In the case of Purandar airport, the government initially proposed that around 1,200 hectares of land would be required. Then, it was raised to 2,000 and now, the requirement has become 3,000 hectares. The Mumbai airport has an area of 750 hectares. Logically, Pune being a smaller city than Mumbai, it would be carrying less national and international air traffic. Even a future projection of more traffic would not be able to answer why 3,000 hectares is needed. It is crystal clear that it is not only an airport that is the aim here. The excess land is going to be used for capitalist plunder – real estate projects, five star hotels, and malls. All this is specifically for the elite who can bear the cost of flights regularly. The original residents of this place - the farmers and their descendants - are going to have no place here.
Airport ‘developers’ and the debt bubble
How do investors raise the capital for such projects? Do they do it by digging into their own pockets? Such investments often ride on some kind of debt bubble. In India too, such investments are done by borrowing mainly from public sector banks. At the end, when these projects turn out to be white elephants, the loans are never paid off. The governments, servile to these capitalists, then write off these loans, transfer them to NPAs (Non Performing Assets) or restructure them. But they are rarely paid back.
Who are the ones who have to pay for this? The common people of the country! This is done through various indirect taxes. The recent example is of the central right wing BJP government waiving around $700 million loans for the corporation that includes that of liquor baron, Vijay Mallya, who fled the country some months ago.
The above-mentioned scenario can be seen in relation to airport developers as well. Look at the financial situation of two major companies in India!
The GVK group who built the new Bengaluru and Mumbai airports, as of today is carrying a loan of $3.8 billion. The other - GMR Group - who built Delhi and Hyderabad airports, carries a loan of $6.4 billion. How are these groups going to build the Pune airport under the burden of such heavy loans? The answer is simple:- by setting up new loans by showing new investment projects in hand. The major crisis of the Indian banking system today arises and persists due to the interests of the corporations and right wing political parties.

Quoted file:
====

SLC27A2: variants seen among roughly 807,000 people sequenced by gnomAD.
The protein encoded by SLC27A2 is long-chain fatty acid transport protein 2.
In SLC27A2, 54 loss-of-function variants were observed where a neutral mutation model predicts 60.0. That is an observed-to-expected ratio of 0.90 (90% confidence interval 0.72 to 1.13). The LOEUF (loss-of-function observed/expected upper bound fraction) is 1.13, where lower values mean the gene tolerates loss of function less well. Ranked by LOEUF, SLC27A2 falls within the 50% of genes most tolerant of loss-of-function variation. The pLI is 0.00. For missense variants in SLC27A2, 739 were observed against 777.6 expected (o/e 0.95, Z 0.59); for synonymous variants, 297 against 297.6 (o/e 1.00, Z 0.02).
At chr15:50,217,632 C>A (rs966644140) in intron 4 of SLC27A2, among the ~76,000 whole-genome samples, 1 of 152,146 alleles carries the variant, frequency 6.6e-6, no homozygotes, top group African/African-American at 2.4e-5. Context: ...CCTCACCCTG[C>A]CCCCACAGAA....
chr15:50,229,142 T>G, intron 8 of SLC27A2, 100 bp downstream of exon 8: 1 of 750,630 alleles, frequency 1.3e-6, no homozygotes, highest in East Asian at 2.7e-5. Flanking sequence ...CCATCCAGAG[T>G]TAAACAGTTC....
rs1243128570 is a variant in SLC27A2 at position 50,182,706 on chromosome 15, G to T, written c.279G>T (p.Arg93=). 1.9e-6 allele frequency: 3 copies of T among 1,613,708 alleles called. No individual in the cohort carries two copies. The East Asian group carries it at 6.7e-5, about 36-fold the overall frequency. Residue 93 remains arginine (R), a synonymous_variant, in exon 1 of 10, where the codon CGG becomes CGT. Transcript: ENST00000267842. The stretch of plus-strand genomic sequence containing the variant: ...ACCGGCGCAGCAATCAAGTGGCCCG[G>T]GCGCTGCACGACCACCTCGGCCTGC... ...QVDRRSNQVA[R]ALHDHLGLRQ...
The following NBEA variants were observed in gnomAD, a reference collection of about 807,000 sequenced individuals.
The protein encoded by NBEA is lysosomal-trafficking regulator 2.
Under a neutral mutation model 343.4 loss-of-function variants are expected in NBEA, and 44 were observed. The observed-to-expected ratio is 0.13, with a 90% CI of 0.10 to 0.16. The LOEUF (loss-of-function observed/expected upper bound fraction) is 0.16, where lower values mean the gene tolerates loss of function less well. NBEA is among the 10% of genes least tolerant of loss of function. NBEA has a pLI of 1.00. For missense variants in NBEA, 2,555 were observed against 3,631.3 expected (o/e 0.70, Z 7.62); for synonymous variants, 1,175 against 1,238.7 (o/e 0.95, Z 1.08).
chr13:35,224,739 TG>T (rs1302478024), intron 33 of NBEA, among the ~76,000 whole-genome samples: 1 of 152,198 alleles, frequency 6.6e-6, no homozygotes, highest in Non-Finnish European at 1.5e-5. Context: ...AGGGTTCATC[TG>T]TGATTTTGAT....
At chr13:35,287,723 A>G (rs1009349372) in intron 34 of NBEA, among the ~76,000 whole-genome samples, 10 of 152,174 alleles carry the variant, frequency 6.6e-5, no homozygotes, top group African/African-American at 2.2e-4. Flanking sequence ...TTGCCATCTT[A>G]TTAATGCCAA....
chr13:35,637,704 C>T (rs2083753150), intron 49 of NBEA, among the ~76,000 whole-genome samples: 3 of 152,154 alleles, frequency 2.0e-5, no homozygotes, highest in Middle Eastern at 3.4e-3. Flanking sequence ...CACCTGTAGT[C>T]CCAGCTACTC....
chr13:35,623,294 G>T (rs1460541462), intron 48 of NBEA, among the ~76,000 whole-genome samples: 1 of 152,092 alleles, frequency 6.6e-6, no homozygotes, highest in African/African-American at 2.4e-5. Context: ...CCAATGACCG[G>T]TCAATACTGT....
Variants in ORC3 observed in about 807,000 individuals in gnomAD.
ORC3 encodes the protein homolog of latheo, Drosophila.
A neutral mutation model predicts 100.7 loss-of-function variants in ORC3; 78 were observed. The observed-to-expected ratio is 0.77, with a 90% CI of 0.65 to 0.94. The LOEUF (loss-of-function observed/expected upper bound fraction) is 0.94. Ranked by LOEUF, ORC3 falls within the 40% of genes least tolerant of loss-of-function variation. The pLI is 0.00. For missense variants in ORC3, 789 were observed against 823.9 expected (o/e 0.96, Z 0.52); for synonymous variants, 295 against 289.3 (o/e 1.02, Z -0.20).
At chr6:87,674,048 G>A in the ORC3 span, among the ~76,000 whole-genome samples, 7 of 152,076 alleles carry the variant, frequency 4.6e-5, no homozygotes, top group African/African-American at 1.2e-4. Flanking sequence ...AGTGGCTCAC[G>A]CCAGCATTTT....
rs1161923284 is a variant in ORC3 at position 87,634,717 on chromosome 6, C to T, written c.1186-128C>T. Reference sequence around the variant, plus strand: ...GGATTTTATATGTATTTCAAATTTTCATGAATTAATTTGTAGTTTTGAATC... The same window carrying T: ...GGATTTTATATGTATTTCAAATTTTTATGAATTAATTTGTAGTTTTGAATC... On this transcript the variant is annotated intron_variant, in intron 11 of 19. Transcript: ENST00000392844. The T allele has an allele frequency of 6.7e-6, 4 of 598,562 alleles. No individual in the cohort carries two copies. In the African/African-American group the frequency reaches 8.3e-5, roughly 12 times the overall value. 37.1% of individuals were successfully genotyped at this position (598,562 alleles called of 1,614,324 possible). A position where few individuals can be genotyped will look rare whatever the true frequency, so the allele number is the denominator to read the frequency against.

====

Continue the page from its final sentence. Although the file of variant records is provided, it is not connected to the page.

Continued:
The struggle and the NSA
Incidentally, Purandar is not the first site identified for an airport. Earlier, a few other sites were also identified. While no airports were constructed, the area saw a sharp spike in land speculation and associated transactions. Nonetheless, the state is determined to go for an airport project at Purandar and push for it recklessly.
Enraged by all these things, the villagers at Purandar started protests straight after the announcement about the airport. A few of the villages passed resolutions against the project. However, as observed in many such struggles, as things proceed further, the state uses various tactics, from cajoling to repression to scupper such struggles. One of the most powerful tactics they use is throwing big buck figures in compensation packages for land. These things could easily wear down such struggles. Hence, sustaining them requires providing leadership with correct strategy and tactics.
After being aware of the protests from villagers, New Socialist Alternative stepped into the struggle. We explained the predatory nature of the capitalist interests behind such projects to the villagers, advised them to form a committee of affected villagers to coordinate the struggle.
New Socialist Alternative, Pune has played a leading role in forming a committee in Pune city that has involved different leftist organisations. The committee has visited the villages and supported the struggle. Also, the committee plans to take up many protest actions that provide support to the villagers from Pune city. New Socialist Alternative members have arranged meetings from village to village, and meetings at less populated areas in order to be able to discuss the impact with everyone getting affected. Sometimes, the meetings have lasted even until midnight. New Socialist Alternative (Pune), along with both the committees, gave a call for rallies in the affected villages to unite in a rally at the collector’s office to show our refusal to give up land.
This solidarity has given confidence to the villagers to go forward in struggle. In the early stages of our involvement, the administration could successfully push for a survey by throwing in some false promises. Villagers realised it later and then we together stopped the survey at certain sites. Emboldened by it, this was replicated in other villages.
In the aftermath of such protests against state authority, police repression is being stepped up. On a couple of occasions the police threatened New Socialist Alternative members, telling them not to intervene and that we should not have anything to do with this.
On 26th of December, Sagar from New Socialist Alternative, Pune, was threatened by the police not to intervene or else he would be booked on charges of instigating public unrest. The administration is also spreading rumors about organisations like ours involved in the protests as “extremist” organisations. But, since we are working closely with the villagers, such tactics have been counter-productive. Together we are taking the struggle forward.